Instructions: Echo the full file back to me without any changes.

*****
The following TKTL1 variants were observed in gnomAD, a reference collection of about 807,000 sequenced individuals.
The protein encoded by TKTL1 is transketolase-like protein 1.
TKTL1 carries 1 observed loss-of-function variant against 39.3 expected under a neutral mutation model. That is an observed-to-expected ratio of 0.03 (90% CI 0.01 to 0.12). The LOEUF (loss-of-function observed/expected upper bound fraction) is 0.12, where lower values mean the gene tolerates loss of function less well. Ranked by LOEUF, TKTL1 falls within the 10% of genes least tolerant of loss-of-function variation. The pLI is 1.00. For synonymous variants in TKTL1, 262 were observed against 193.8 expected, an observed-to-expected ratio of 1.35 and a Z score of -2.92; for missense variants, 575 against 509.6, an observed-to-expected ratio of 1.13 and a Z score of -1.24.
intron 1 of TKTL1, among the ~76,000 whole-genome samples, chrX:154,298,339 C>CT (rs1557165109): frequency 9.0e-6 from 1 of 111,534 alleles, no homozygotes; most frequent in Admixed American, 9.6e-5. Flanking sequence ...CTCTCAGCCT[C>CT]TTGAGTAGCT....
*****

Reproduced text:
The following TKTL1 variants were observed in gnomAD, a reference collection of about 807,000 sequenced individuals.
The protein encoded by TKTL1 is transketolase-like protein 1.
TKTL1 carries 1 observed loss-of-function variant against 39.3 expected under a neutral mutation model. That is an observed-to-expected ratio of 0.03 (90% CI 0.01 to 0.12). The LOEUF (loss-of-function observed/expected upper bound fraction) is 0.12, where lower values mean the gene tolerates loss of function less well. Ranked by LOEUF, TKTL1 falls within the 10% of genes least tolerant of loss-of-function variation. The pLI is 1.00. For synonymous variants in TKTL1, 262 were observed against 193.8 expected, an observed-to-expected ratio of 1.35 and a Z score of -2.92; for missense variants, 575 against 509.6, an observed-to-expected ratio of 1.13 and a Z score of -1.24.
intron 1 of TKTL1, among the ~76,000 whole-genome samples, chrX:154,298,339 C>CT (rs1557165109): frequency 9.0e-6 from 1 of 111,534 alleles, no homozygotes; most frequent in Admixed American, 9.6e-5. Flanking sequence ...CTCTCAGCCT[C>CT]TTGAGTAGCT....